Attorney // LaCava Law Firm, LLC
Attorney Michael LaCava has a remarkable passion for helping people navigate the intricate realms of real estate and estate planning, and his journey is a testament to his unwavering dedication to both his professional pursuits and his role as a devoted family man.
Since 2013, Michael has honed his skills to become a trusted advisor for individuals seeking guidance in their property transactions and estate planning endeavors. His expertise extends beyond the technicalities of the law, as he is genuinely committed to understanding his clients’ unique needs and ensuring their financial and legal well-being.
Outside the professional realm, Michael finds comfort and joy in his role as a family man. He is a loving husband to his wife, Melanie, and a devoted father to three awesome kids. In his free time, you’ll find Michael and his family immersed in a variety of activities. From camping trips that bring them closer to nature, to fishing adventures that instill a love for the outdoors, to sporting events where Michael enthusiastically cheers on and coaches his kids in their various sports, Michael cherishes these moments as opportunities to connect and share his life’s journey with family and friends.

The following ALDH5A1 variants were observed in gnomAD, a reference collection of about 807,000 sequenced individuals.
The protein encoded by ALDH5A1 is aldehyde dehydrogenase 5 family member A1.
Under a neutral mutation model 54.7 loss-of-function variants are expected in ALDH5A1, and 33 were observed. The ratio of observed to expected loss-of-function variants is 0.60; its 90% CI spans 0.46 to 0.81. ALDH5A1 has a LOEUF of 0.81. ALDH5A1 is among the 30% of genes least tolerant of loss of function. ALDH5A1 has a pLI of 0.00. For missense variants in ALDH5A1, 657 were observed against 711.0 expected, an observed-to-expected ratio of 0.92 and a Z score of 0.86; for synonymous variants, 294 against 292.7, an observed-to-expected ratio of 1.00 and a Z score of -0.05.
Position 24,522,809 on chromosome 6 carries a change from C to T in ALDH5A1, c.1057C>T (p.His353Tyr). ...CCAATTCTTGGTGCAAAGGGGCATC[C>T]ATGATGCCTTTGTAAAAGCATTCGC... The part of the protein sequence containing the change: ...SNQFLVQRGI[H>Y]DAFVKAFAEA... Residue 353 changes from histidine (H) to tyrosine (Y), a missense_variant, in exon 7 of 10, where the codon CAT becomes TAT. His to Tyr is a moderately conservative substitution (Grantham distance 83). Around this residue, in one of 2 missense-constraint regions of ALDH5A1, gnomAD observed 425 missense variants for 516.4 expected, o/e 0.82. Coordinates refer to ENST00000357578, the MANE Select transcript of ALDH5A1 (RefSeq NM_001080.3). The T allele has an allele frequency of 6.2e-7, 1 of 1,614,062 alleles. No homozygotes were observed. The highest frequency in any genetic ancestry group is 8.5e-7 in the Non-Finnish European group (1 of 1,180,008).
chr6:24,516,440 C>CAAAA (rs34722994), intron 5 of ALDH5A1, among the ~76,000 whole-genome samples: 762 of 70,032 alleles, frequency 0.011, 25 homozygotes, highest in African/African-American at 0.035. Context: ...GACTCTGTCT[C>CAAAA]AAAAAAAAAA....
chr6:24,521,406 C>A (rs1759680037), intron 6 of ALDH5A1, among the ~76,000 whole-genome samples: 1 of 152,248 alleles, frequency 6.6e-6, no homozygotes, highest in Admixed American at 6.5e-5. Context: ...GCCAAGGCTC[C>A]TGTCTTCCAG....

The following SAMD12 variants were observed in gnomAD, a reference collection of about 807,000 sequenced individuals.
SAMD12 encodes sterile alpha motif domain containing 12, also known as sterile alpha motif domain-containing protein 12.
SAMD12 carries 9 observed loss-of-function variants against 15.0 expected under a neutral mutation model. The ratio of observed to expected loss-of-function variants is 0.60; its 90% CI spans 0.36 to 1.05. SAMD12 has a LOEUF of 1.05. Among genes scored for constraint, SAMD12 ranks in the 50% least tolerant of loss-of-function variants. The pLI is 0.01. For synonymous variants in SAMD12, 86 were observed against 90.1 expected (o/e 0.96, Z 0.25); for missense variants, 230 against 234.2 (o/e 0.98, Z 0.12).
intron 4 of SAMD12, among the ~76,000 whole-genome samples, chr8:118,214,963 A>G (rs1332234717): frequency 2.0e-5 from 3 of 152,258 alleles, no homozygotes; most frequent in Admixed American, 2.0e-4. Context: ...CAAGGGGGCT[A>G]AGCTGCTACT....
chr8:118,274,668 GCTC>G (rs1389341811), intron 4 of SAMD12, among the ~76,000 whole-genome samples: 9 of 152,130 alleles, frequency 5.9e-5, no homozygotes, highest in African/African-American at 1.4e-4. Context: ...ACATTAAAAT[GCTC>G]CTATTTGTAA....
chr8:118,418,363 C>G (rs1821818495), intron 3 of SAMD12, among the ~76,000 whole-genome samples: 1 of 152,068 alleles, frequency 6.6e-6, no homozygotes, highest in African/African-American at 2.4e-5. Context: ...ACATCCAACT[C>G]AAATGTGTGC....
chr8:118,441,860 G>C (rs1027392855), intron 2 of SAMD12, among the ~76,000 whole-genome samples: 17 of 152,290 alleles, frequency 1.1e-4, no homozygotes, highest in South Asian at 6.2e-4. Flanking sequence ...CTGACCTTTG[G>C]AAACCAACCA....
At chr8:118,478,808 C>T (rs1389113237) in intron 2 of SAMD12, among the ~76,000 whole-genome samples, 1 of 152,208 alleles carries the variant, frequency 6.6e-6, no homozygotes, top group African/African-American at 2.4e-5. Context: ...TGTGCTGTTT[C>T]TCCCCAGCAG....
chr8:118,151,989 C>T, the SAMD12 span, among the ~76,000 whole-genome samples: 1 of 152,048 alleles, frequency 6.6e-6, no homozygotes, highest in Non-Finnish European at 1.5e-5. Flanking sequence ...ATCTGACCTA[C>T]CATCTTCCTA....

Our commitment to each client remains consistent, we treat each client with the professional attention and service they deserve, without cutting corners. The results of that dedication are evident in the reputation we have built. Our clients love us for good reason, we deliver and provide the level of service we promise.
Oak Park is a village in Cook County, Illinois adjacent to Chicago. It is the 29th-most populous municipality in Illinois with a population of 54,583 as of the 2020 U.S. Census estimate. Oak Park was first settled in 1835 and later incorporated in 1902, when it separated from Cicero. Architect Frank Lloyd Wright and his wife settled in Oak Park in 1889, and his work heavily influenced local architecture and design, including the Frank Lloyd Wright Home and Studio. Over the years, rapid development was spurred by railroads and street cars connecting the village to jobs in nearby Chicago. In 1968, Oak Park passed the Open Housing Ordinance, which helped devise strategies to integrate the village rather than resegregate.